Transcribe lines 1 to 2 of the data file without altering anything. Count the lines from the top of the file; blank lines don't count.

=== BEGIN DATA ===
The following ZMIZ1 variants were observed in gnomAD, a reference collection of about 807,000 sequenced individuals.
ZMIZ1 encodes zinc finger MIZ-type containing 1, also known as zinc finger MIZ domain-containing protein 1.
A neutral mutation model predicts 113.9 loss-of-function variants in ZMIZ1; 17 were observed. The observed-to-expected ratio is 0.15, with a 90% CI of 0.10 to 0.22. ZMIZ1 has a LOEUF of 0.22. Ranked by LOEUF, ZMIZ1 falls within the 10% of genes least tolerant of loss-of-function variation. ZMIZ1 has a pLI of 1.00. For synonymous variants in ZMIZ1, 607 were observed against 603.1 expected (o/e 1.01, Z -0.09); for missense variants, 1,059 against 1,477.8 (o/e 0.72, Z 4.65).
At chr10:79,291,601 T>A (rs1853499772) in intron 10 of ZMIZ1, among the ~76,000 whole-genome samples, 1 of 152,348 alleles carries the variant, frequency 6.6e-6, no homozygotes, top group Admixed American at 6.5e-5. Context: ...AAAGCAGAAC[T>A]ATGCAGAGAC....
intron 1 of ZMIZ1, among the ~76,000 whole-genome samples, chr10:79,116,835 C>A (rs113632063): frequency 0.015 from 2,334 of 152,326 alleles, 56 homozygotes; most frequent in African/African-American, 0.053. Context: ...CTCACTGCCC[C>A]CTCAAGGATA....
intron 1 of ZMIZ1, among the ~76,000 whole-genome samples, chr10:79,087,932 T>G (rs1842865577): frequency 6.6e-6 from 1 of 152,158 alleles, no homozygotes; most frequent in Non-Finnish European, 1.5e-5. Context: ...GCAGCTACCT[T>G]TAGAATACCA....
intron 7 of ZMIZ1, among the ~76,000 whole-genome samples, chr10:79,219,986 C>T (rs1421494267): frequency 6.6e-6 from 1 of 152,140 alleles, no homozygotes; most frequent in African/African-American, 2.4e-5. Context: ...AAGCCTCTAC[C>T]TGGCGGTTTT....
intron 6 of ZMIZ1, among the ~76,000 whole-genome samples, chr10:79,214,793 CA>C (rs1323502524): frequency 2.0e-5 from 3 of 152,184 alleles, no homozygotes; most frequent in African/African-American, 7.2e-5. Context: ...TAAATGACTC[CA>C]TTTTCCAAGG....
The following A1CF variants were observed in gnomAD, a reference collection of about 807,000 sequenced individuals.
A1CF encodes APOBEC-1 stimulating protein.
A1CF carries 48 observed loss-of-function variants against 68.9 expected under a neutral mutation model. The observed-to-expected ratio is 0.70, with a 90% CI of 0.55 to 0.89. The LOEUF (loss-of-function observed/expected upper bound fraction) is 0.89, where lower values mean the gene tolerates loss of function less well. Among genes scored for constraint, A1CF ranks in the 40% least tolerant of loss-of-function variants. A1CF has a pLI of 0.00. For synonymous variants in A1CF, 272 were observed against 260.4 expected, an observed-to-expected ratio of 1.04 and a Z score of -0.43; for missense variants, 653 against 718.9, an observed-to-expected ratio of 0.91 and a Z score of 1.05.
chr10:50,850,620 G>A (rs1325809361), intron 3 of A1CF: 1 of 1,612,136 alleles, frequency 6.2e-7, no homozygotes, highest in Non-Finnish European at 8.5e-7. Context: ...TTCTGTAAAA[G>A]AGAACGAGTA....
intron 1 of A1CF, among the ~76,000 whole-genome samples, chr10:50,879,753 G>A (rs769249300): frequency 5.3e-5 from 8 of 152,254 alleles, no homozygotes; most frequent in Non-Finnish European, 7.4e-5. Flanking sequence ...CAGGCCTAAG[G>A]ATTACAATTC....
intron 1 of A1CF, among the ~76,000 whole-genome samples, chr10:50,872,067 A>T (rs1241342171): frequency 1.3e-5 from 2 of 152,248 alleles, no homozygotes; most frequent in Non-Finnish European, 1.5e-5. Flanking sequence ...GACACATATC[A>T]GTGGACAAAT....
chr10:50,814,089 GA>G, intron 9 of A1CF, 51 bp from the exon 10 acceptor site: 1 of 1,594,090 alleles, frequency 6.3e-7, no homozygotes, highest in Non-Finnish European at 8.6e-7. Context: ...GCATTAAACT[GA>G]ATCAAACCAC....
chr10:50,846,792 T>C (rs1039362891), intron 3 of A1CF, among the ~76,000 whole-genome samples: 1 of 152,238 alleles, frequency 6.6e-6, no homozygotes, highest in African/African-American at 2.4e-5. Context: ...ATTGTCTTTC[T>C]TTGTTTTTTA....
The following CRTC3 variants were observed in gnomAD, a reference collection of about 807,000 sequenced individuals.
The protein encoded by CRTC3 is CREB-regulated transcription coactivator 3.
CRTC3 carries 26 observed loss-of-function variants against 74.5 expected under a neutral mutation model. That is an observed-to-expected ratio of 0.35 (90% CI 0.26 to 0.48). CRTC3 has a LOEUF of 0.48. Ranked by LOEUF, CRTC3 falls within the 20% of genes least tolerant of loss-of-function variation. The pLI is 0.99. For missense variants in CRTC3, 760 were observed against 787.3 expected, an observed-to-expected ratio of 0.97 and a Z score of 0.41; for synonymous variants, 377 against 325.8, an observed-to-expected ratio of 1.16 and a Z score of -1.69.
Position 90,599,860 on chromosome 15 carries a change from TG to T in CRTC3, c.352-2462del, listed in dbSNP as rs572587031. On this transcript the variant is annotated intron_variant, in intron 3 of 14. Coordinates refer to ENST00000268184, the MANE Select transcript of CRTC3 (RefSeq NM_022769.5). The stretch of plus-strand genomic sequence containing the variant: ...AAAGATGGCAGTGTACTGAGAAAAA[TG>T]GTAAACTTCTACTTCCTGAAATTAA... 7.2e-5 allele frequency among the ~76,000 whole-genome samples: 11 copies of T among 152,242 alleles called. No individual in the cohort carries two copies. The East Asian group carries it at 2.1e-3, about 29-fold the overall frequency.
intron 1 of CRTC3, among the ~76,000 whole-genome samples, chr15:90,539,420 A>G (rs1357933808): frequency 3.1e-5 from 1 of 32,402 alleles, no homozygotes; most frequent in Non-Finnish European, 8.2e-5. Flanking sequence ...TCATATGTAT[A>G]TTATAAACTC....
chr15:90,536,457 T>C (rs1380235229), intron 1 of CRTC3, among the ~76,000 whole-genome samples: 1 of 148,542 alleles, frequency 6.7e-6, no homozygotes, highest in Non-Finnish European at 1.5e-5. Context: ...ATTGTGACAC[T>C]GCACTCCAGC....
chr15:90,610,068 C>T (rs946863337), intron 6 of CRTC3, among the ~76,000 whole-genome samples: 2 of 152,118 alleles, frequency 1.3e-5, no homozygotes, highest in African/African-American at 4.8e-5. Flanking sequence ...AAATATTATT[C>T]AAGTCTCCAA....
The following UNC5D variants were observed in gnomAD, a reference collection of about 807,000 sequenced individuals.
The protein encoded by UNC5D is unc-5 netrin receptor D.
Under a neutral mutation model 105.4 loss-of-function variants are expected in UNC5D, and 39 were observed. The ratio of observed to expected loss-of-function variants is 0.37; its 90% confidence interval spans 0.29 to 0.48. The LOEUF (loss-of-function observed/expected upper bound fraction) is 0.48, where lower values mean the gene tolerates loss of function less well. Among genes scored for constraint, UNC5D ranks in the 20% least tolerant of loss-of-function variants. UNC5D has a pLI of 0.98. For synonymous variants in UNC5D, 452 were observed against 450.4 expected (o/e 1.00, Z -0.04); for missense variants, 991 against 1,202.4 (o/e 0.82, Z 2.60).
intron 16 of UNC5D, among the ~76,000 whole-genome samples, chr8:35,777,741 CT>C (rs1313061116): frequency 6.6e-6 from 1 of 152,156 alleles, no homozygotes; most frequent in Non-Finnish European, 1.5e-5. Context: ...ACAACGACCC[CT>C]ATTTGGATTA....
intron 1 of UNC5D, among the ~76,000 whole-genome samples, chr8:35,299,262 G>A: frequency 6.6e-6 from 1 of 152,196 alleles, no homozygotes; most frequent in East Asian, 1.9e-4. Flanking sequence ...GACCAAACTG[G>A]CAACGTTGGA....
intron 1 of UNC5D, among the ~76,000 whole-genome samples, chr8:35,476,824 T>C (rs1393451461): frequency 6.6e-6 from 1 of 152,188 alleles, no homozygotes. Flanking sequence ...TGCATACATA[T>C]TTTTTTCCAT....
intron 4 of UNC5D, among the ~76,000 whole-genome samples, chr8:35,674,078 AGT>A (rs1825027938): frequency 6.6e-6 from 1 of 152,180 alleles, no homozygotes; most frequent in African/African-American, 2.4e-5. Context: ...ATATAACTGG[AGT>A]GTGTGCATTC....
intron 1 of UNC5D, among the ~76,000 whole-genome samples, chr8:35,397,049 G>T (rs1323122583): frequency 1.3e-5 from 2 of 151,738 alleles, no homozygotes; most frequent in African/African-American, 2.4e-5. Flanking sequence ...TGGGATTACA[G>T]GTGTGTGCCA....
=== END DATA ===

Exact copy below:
The following ZMIZ1 variants were observed in gnomAD, a reference collection of about 807,000 sequenced individuals.
ZMIZ1 encodes zinc finger MIZ-type containing 1, also known as zinc finger MIZ domain-containing protein 1.